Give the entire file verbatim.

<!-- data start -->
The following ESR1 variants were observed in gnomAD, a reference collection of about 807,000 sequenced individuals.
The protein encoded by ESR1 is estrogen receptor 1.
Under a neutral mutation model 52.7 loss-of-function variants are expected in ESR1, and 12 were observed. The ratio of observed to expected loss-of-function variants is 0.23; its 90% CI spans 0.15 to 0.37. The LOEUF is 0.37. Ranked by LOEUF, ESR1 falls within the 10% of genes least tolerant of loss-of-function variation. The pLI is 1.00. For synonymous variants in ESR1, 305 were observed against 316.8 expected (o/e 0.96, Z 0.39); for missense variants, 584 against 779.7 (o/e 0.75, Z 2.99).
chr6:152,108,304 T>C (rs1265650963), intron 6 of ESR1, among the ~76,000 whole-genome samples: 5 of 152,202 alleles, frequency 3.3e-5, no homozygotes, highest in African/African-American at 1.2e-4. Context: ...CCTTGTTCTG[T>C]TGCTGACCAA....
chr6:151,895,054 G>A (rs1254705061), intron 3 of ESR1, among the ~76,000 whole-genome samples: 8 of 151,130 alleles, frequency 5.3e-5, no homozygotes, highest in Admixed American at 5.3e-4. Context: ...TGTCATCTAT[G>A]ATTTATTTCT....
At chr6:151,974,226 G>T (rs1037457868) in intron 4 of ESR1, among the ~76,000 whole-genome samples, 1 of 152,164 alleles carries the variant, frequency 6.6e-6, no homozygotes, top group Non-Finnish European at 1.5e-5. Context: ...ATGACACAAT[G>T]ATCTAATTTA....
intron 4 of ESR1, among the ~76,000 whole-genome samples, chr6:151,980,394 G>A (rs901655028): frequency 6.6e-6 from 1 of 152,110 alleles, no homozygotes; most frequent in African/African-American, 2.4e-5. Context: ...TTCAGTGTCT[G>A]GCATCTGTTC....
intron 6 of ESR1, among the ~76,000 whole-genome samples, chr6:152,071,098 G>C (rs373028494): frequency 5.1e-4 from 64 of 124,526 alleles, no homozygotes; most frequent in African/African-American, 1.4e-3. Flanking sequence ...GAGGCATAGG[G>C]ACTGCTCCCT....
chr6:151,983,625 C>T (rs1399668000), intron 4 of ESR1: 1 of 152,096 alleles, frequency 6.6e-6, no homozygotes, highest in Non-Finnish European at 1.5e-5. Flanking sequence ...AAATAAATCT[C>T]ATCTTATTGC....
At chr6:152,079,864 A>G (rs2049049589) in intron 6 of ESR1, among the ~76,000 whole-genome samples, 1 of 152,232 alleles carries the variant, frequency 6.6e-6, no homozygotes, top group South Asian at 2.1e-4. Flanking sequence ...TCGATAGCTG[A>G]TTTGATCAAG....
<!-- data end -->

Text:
The following ESR1 variants were observed in gnomAD, a reference collection of about 807,000 sequenced individuals.
The protein encoded by ESR1 is estrogen receptor 1.
Under a neutral mutation model 52.7 loss-of-function variants are expected in ESR1, and 12 were observed. The ratio of observed to expected loss-of-function variants is 0.23; its 90% CI spans 0.15 to 0.37. The LOEUF is 0.37. Ranked by LOEUF, ESR1 falls within the 10% of genes least tolerant of loss-of-function variation. The pLI is 1.00. For synonymous variants in ESR1, 305 were observed against 316.8 expected (o/e 0.96, Z 0.39); for missense variants, 584 against 779.7 (o/e 0.75, Z 2.99).
chr6:152,108,304 T>C (rs1265650963), intron 6 of ESR1, among the ~76,000 whole-genome samples: 5 of 152,202 alleles, frequency 3.3e-5, no homozygotes, highest in African/African-American at 1.2e-4. Context: ...CCTTGTTCTG[T>C]TGCTGACCAA....
chr6:151,895,054 G>A (rs1254705061), intron 3 of ESR1, among the ~76,000 whole-genome samples: 8 of 151,130 alleles, frequency 5.3e-5, no homozygotes, highest in Admixed American at 5.3e-4. Context: ...TGTCATCTAT[G>A]ATTTATTTCT....
At chr6:151,974,226 G>T (rs1037457868) in intron 4 of ESR1, among the ~76,000 whole-genome samples, 1 of 152,164 alleles carries the variant, frequency 6.6e-6, no homozygotes, top group Non-Finnish European at 1.5e-5. Context: ...ATGACACAAT[G>T]ATCTAATTTA....
intron 4 of ESR1, among the ~76,000 whole-genome samples, chr6:151,980,394 G>A (rs901655028): frequency 6.6e-6 from 1 of 152,110 alleles, no homozygotes; most frequent in African/African-American, 2.4e-5. Context: ...TTCAGTGTCT[G>A]GCATCTGTTC....
intron 6 of ESR1, among the ~76,000 whole-genome samples, chr6:152,071,098 G>C (rs373028494): frequency 5.1e-4 from 64 of 124,526 alleles, no homozygotes; most frequent in African/African-American, 1.4e-3. Flanking sequence ...GAGGCATAGG[G>C]ACTGCTCCCT....
chr6:151,983,625 C>T (rs1399668000), intron 4 of ESR1: 1 of 152,096 alleles, frequency 6.6e-6, no homozygotes, highest in Non-Finnish European at 1.5e-5. Flanking sequence ...AAATAAATCT[C>T]ATCTTATTGC....
At chr6:152,079,864 A>G (rs2049049589) in intron 6 of ESR1, among the ~76,000 whole-genome samples, 1 of 152,232 alleles carries the variant, frequency 6.6e-6, no homozygotes, top group South Asian at 2.1e-4. Flanking sequence ...TCGATAGCTG[A>G]TTTGATCAAG....